Now I do not deny that the traditional doctrine of a priestly character was often described in categories which nowadays we judge to have been too metaphysical and impersonal for describing the kind of phenomenon which is here in question. To some extent, this may excuse the impatience with the idea of character found in some modern writers on ministry. Anthony Harvey, for instance, brusquely dismisses the idea of character as something that "can find no place" in his account of ministry.(3)

But it cannot be so quickly dismissed, nor is a merely functional approach adequate in the least. The contemporary theologian has got to find more up-to-date and personal categories in which to express the abiding truth in the idea of priestly character.

In its literal sense, the Greek word charakter signified the distinctive mark made by a seal or die or similar instrument. The word is used only once in the New Testament, in the Epistle to the Hebrews, where Jesus Christ is said to be "the express image of God's person" or, alternatively translated, "the very stamp of his nature" (Hebrews 1:3). In modern usage, the word "character" has developed a great many meanings, but for our purpose we shall take our clues mainly from ethical usage, for there is a close parallel between the ethical idea of character and the theological idea.

The parallel emerges right away, because just as we have seen that there are two views of the ministry standing in some tension, the functional view concerned primarily with what the minister does and the ontological view concerned with who he is, so there have long been two types of ethical theory, the one understanding morality chiefly in terms of rules, commandments, acts, overt behavior, the other understanding the moral life more in terms of virtue and the formation of moral persons or even communities. It is no accident that the morality of command and act has, in the specific area of Christian ethics, flourished chiefly among Protestants, while Catholic moral theologians have been preoccupied with the ethics of virtue. Likewise, many Protestant theologians tend to view ministry in a functional way, while such ideas as priestly character and formation have dominated Catholic thinking.

But although the two approaches have often been in tension, my own view is that in both ethics and theology they are finally complementary The merely functional approach is superficial and fails to do justice the personal reality, but it is not canceled out by the ontological understanding of the matter; rather, it is given depth and cohesion.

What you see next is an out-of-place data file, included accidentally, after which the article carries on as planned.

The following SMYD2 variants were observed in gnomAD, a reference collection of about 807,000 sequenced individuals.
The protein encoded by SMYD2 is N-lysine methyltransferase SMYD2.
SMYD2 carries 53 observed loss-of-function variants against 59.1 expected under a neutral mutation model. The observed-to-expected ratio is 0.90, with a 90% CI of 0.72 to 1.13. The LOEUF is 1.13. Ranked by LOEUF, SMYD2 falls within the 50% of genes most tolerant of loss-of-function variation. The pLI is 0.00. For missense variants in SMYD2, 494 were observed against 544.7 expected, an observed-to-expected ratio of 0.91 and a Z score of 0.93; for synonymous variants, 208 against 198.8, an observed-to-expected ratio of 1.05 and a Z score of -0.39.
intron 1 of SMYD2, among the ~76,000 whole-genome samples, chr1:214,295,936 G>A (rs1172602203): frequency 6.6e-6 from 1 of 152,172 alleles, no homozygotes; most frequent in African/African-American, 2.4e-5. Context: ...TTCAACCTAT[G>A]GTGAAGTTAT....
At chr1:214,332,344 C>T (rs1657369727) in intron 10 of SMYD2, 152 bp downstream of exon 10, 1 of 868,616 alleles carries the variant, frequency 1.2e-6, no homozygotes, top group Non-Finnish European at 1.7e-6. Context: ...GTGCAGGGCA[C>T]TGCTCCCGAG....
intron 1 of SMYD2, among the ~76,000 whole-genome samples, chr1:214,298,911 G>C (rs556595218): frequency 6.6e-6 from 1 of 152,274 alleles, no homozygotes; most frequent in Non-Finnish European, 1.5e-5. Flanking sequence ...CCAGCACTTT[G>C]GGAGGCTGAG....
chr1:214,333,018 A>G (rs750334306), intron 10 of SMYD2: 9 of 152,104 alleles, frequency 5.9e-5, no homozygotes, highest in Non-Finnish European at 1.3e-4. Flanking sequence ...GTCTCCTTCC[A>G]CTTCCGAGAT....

How then does a modern ethicist think of character? Clearly, character is not a thing or a special faculty. It is more like a pattern, traceable in a person's behavior and showing elements of directionality and consistency. Stanley Hauerwas, author of one of the best recent studies of the subject, writes: "The clearest example of character is one in which a life is dominated by one all-consuming purpose or direction."(4) This would be an extreme case, and there can be strong characters where there are many purposes and interests, provided these are brought into unity by an "ultimate concern" (to borrow Tillich's useful expression) giving, as it were, a recognizable set to the agent's policies.

But although character is a pattern discernible in action and built up in action, it is not just an adjective or product of action. On the contrary, character produces some actions rather than others, for it is constituted by the value judgments and priorities of the agent, and is hardly to be distinguished from the agent himself.

It is clear that character cannot be acquired in a moment. It needs formation, and that may take a long time. Once character has been formed, it introduces a pattern of stability and reliability into life, but this does not mean an end to growth. Character deepens and develops in the face of new problems.

Where does character come from? Obviously it has several sources. There is the given genetic inheritance of every individual, his innate propensities, capacities, weaknesses. This is the raw material of character. Within limits, it determines what it is possible for one to become. But this raw material is plastic and has many possibilities inherent in it. Next, there is everything that happens to a person from outside. There are the accidents of his own history, and these may have good or bad influence. There is the impact of his culture, and none of us can help absorbing many of the beliefs and value judgments of contemporary society. There is the important factor of education, the systematic training of mind and spirit. These three influences that come from outside we may call the passive elements in character formation. But there is also an active factor. To some extent, each one of us chooses to be the kind of person that he or she is. We strive to realize an ideal self of our own choosing. Finally, to the factors already mentioned, the Christian would add divine grace. He believes that the attainment of character is not just an accident of birth or environment or the fruit of unaided human struggle, but that prayer, the sacraments, and life in the Christian community are of supreme importance.

The foregoing discussion relates to character in general from the standpoint of ethical theory. What light does it throw on the theological concept of priestly character? We shall answer this question by considering the steps by which one enters the ordained ministry. These can be understood as steps in the formation of special types of character.

First there is vocation, the calling of God. Priesthood is a gift, it is not something we choose for ourselves. When a priest is asked: "What made you decide to enter the ministry?" he may very likely reply that he hardly knows. He may only be able to say that at some time he felt a calling. The call to the ministry is a special case or an extension of the mystery of election, which all Christians have known to some extent. It is that inner constraint, that claim of God, that fascination with Christ which lays hold upon one and draws one on, perhaps at first unwillingly. The call to the ministry is an extension of election, the summons to a new relationship. Already the experience of this calling has its ontological consequence and has begun to shape the character of the one who is called; for no one who has known such a call can ever be quite the same again.